Turmeric has been used for centuries to flavor, color, and preserve foods but also as a medicinal remedy in the treatment of inflammatory disorders.
Turmeric, a cousin of ginger, is one of the principal spices in curry powder. Fresh turmeric is a rhizome root, like ginger—though smaller, with a tawny skin and a bright orange interior. You can also find turmeric dried and ground to a bright golden powder. Turmeric has been used for centuries to flavor, color, and preserve foods but also as a medicinal remedy in the treatment of inflammatory disorders. Read on to find out what we know about this functional food and the tastiest ways to consume it.
Curcumin, the bright yellow polyphenol compound found in turmeric, has been the focus of research due to its potential to prevent chronic diseases such as cancer, heart disease, arthritis, diabetes, and Alzheimer’s disease. Clinical studies support curcumin’s anti-inflammatory and antioxidant effects on obesity and associated inflammation, leading to outcomes such as weight loss, improved blood lipids, reduced risk of atherosclerosis, and improved insulin sensitivity. 
Turmeric and Cancer
Researchers have identified chronic infections and inflammation as major risk factors for various types of cancer. As such, regular consumption of turmeric has been touted as a possible contributor to lower cancer rates. Results from several studies suggest that curcumin may reduce tumor promotion, block cell transformation, and minimize the spread of certain types of cancer. 
Turmeric and Brain Health
Treatment for Alzheimer’s disease (AD) with curcumin may provide protective effects such as helping block the formation of amyloid plaques and reducing the production of inflammatory substances. The outcome is reduced deterioration of brain function, which may slow the development of AD. Research suggests that curcumin may actually be one of the most promising compounds for the development of AD therapies. 
Turmeric and Arthritis
Curcumin’s role in the treatment of arthritis also shows promise. Studies show that patients supplementing with curcumin had reduced arthritis pain and swelling due to the inhibition of COX-2 activity. This is typically what NSAIDs are prescribed for.
Ways to Use Turmeric
Looking for fun and refreshing ways to add turmeric to your diet? We’ve covered all the bases.
Awaken your taste buds in the morning with this Turmeric Omelet with Tomato and Onions. Or perhaps you’d rather add a dash of the spice to your Chai Latte. The addition of turmeric actually boosts the Indian flavor and the antioxidants in chai tea. For something cool and creamy, we highly recommend our Turmeric-Mango Smoothie, which is brimming the antioxidants.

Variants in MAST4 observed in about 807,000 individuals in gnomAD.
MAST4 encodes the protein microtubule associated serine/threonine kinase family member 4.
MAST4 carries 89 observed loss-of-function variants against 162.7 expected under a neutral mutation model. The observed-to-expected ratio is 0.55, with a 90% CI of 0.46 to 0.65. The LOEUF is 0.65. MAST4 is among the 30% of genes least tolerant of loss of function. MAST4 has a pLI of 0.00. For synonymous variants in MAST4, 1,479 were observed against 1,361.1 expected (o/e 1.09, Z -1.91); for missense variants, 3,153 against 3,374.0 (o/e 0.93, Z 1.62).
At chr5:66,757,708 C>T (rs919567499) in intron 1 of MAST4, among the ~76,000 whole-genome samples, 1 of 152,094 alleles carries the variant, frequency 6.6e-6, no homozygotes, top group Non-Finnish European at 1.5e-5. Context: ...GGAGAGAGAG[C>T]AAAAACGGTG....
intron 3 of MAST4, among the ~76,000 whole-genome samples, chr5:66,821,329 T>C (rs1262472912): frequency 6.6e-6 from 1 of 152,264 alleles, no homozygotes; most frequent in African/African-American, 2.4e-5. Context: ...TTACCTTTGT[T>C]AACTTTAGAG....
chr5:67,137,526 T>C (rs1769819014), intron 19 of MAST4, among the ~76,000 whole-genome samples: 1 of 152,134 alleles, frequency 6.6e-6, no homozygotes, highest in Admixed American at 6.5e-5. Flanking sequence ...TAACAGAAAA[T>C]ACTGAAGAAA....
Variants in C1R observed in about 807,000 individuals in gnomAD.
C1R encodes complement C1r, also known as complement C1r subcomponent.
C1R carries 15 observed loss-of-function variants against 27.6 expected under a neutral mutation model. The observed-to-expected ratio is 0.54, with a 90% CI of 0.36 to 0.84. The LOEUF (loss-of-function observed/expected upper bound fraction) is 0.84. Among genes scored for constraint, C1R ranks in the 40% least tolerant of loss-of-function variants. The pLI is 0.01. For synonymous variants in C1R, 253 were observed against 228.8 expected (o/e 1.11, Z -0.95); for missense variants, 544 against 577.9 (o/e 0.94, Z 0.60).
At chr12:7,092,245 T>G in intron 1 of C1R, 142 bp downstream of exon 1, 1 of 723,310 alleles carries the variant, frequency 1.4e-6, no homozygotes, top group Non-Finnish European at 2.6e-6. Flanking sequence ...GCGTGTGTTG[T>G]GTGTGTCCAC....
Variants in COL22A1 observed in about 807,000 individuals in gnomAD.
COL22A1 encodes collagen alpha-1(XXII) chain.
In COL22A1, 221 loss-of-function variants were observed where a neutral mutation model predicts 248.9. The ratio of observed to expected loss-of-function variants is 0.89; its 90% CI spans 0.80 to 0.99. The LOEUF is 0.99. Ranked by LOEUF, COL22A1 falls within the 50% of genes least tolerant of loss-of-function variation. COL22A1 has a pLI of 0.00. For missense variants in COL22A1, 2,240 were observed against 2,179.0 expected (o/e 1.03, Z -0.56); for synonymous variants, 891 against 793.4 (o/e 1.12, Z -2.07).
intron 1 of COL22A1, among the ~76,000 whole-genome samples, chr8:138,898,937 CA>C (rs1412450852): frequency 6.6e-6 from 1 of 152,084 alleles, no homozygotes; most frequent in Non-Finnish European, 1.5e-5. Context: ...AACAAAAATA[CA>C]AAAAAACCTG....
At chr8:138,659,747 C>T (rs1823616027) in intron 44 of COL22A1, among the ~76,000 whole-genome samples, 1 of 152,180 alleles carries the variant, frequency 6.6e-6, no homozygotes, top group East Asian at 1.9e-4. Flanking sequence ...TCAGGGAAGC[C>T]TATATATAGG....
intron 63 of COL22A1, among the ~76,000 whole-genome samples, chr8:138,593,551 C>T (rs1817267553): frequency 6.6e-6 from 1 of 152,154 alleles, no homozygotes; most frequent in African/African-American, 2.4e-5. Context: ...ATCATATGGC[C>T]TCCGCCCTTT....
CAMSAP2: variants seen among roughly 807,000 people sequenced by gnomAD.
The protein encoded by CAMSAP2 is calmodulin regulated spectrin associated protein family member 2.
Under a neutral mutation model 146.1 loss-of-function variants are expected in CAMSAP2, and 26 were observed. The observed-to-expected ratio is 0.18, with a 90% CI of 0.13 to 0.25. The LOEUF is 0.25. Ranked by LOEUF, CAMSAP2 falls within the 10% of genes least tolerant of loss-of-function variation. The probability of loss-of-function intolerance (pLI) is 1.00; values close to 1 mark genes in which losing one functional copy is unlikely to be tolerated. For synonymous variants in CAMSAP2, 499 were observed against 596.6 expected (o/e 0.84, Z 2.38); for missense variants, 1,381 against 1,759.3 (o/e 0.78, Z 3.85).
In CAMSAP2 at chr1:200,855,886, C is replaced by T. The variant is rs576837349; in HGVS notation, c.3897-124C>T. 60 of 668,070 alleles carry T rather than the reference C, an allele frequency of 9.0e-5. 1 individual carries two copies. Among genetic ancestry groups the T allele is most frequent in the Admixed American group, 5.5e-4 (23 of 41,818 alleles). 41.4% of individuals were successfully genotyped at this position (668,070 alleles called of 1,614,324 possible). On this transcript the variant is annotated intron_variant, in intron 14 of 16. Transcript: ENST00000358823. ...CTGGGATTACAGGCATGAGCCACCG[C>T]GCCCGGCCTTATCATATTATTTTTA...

On the savory side, our Turmeric Pork Chop with Green Onion Rice is a major palate pleaser. Not a fan of pork? Tandoori Chicken Thighs will ignite your taste buds with just one bite. And to wash it down, look no further than our turmeric-laced twist on a Dark and Stormy, the classic dark rum and ginger beer combo. If you don't have fresh turmeric, substitute 1 teaspoon ground turmeric.
Bottom Line: Evidence continues to support curcumin’s role in inhibiting the inflammatory process and, thus, inflammatory diseases. Though additional research is needed to determine specific recommendations for curcumin intake, we will continue to encourage the regular use of turmeric in recipes. In the meantime, boost the color, flavor, and nutrient value of your food while helping fight inflammation naturally with this delectable spice.
 Wang, S., Moustaid-Moussa, N., Chen, L., et al. Novel insights of dietary polyphenols and obesity. J Nutr Biochem. 2014;25(1):1-18. Retrieved from https://www.ncbi.nlm.nih.gov/pubmed/24314860
 Ji, JL., Huanga, X.F., and Zhu, H.L. Curcumin and its formulations: potential anti-cancer agents. Anticancer Agents Med Chem. 2012;12(3):210-218. Retrieved from https://www.ncbi.nlm.nih.gov/pubmed/22044005
 Hamaguchi, T., Ono, K., and Yamada, M. Review: curcumin and Alzheimer’s disease. CNS Neurosci Ther. 2010;16(5):285-297. Retrieved from https://www.ncbi.nlm.nih.gov/pubmed/20406252
 Chandran, B. and Goel, A. A randomized, pilot study to assess the efficacy and safety of curcumin in patients with active rheumatoid arthritis. Phytother Res. 2012;26(11):1719-1725. Retrieved from https://www.ncbi.nlm.nih.gov/pubmed/22407780